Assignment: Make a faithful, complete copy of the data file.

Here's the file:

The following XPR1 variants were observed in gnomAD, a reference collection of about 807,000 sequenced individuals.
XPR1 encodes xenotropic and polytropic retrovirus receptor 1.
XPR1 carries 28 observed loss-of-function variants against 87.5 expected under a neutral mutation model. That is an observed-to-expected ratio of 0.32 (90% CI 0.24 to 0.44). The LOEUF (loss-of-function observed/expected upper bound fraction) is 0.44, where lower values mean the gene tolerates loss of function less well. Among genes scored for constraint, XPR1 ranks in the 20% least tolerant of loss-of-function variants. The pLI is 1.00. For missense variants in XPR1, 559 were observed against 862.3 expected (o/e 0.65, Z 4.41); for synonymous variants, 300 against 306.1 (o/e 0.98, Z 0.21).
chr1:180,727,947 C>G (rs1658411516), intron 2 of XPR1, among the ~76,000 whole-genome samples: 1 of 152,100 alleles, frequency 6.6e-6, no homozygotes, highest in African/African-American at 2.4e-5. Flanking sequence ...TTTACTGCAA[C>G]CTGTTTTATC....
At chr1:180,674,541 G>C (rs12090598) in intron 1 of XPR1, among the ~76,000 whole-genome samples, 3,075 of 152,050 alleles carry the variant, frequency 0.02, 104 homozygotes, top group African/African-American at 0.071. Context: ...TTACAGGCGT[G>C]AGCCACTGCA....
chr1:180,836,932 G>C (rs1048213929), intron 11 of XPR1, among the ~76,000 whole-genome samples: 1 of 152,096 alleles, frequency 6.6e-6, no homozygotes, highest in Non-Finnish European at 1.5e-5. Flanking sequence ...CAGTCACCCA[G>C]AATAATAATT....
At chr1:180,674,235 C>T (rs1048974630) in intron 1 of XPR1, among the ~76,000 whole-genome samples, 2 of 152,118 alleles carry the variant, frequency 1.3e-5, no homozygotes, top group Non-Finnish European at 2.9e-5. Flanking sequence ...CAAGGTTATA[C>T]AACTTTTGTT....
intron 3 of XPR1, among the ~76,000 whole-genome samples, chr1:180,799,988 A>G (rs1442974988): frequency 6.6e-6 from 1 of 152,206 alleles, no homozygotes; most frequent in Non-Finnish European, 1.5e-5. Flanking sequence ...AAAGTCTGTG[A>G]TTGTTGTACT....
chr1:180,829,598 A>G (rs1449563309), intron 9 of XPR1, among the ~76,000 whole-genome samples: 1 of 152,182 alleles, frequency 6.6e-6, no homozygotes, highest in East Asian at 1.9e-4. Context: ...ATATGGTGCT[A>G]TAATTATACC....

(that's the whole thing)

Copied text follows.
The following XPR1 variants were observed in gnomAD, a reference collection of about 807,000 sequenced individuals.
XPR1 encodes xenotropic and polytropic retrovirus receptor 1.
XPR1 carries 28 observed loss-of-function variants against 87.5 expected under a neutral mutation model. That is an observed-to-expected ratio of 0.32 (90% CI 0.24 to 0.44). The LOEUF (loss-of-function observed/expected upper bound fraction) is 0.44, where lower values mean the gene tolerates loss of function less well. Among genes scored for constraint, XPR1 ranks in the 20% least tolerant of loss-of-function variants. The pLI is 1.00. For missense variants in XPR1, 559 were observed against 862.3 expected (o/e 0.65, Z 4.41); for synonymous variants, 300 against 306.1 (o/e 0.98, Z 0.21).
chr1:180,727,947 C>G (rs1658411516), intron 2 of XPR1, among the ~76,000 whole-genome samples: 1 of 152,100 alleles, frequency 6.6e-6, no homozygotes, highest in African/African-American at 2.4e-5. Flanking sequence ...TTTACTGCAA[C>G]CTGTTTTATC....
At chr1:180,674,541 G>C (rs12090598) in intron 1 of XPR1, among the ~76,000 whole-genome samples, 3,075 of 152,050 alleles carry the variant, frequency 0.02, 104 homozygotes, top group African/African-American at 0.071. Context: ...TTACAGGCGT[G>C]AGCCACTGCA....
chr1:180,836,932 G>C (rs1048213929), intron 11 of XPR1, among the ~76,000 whole-genome samples: 1 of 152,096 alleles, frequency 6.6e-6, no homozygotes, highest in Non-Finnish European at 1.5e-5. Flanking sequence ...CAGTCACCCA[G>C]AATAATAATT....
At chr1:180,674,235 C>T (rs1048974630) in intron 1 of XPR1, among the ~76,000 whole-genome samples, 2 of 152,118 alleles carry the variant, frequency 1.3e-5, no homozygotes, top group Non-Finnish European at 2.9e-5. Flanking sequence ...CAAGGTTATA[C>T]AACTTTTGTT....
intron 3 of XPR1, among the ~76,000 whole-genome samples, chr1:180,799,988 A>G (rs1442974988): frequency 6.6e-6 from 1 of 152,206 alleles, no homozygotes; most frequent in Non-Finnish European, 1.5e-5. Flanking sequence ...AAAGTCTGTG[A>G]TTGTTGTACT....
chr1:180,829,598 A>G (rs1449563309), intron 9 of XPR1, among the ~76,000 whole-genome samples: 1 of 152,182 alleles, frequency 6.6e-6, no homozygotes, highest in East Asian at 1.9e-4. Context: ...ATATGGTGCT[A>G]TAATTATACC....